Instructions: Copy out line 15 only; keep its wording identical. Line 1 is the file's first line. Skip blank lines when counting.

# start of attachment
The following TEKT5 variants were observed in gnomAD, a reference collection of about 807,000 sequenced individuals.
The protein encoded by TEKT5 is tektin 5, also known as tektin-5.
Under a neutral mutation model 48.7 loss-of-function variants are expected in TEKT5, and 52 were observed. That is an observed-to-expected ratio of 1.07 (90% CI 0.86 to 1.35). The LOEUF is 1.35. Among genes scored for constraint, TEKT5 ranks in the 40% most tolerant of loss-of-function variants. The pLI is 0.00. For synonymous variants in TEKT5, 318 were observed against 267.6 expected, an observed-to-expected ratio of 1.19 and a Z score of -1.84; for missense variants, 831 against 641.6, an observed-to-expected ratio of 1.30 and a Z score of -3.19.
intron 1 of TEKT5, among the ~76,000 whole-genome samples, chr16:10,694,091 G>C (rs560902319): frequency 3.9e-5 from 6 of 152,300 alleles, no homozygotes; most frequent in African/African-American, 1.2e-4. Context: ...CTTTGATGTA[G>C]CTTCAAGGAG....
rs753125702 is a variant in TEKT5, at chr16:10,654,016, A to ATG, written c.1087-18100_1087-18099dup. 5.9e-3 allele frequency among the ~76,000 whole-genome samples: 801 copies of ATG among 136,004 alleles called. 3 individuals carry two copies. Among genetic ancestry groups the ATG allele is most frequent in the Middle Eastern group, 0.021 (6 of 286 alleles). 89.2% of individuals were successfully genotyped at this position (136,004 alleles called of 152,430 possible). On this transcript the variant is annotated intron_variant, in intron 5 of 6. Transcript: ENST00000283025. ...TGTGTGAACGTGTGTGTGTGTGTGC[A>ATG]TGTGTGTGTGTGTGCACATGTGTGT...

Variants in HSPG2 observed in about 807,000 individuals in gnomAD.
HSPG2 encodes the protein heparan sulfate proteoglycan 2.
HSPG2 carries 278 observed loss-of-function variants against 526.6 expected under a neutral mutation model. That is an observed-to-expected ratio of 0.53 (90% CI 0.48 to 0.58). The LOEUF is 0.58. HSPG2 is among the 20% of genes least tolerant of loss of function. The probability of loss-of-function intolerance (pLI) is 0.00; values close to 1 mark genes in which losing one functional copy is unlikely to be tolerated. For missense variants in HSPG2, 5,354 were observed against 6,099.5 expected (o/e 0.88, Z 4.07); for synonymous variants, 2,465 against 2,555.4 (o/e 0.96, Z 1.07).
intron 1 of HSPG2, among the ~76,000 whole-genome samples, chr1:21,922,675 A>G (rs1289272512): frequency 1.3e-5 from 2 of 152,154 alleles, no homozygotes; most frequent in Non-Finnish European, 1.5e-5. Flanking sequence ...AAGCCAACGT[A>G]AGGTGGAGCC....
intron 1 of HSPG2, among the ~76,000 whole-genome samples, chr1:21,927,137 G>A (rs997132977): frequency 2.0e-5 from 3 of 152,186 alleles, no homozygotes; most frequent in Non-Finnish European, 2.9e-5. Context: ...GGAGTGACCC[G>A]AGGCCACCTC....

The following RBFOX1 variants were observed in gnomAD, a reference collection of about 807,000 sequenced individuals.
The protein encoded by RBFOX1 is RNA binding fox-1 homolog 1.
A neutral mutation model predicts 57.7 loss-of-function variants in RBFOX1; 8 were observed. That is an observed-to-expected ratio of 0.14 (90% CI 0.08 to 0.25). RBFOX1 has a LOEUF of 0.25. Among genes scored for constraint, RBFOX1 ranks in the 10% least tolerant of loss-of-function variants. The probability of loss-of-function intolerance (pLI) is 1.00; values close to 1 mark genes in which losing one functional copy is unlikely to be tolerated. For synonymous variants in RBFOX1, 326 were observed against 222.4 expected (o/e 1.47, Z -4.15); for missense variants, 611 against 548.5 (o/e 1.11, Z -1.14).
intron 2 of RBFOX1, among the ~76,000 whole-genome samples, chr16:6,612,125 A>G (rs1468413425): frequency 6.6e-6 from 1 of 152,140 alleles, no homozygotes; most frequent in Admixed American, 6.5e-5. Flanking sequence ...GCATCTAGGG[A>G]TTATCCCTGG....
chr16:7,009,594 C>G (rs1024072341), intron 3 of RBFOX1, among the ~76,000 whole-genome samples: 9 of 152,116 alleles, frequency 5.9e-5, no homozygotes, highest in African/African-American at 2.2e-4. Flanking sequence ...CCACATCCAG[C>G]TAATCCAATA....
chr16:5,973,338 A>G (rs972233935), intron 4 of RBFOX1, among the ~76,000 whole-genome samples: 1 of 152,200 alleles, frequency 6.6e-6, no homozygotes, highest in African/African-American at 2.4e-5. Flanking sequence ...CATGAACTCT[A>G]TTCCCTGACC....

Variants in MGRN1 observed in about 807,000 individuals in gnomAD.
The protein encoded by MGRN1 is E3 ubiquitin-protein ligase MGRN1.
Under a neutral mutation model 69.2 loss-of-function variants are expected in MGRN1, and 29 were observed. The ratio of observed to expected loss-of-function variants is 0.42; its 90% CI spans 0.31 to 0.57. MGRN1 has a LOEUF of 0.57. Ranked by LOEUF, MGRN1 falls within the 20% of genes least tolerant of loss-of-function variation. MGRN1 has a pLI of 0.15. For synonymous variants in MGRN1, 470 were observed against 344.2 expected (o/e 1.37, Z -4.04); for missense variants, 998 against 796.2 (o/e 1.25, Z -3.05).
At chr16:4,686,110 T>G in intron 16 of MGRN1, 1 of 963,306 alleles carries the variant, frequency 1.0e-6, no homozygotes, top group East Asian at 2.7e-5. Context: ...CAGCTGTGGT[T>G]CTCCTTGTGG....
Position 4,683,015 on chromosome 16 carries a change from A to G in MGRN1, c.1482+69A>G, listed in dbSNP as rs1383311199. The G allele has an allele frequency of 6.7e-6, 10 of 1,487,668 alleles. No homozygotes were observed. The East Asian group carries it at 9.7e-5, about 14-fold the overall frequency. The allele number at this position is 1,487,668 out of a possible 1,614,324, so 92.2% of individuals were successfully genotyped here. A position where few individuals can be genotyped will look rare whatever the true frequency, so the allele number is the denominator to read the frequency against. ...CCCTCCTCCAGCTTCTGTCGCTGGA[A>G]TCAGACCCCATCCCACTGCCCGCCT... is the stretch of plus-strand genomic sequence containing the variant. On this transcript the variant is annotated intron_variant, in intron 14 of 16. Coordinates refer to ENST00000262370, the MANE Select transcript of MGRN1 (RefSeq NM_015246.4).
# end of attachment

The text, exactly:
chr16:7,009,594 C>G (rs1024072341), intron 3 of RBFOX1, among the ~76,000 whole-genome samples: 9 of 152,116 alleles, frequency 5.9e-5, no homozygotes, highest in African/African-American at 2.2e-4. Flanking sequence ...CCACATCCAG[C>G]TAATCCAATA....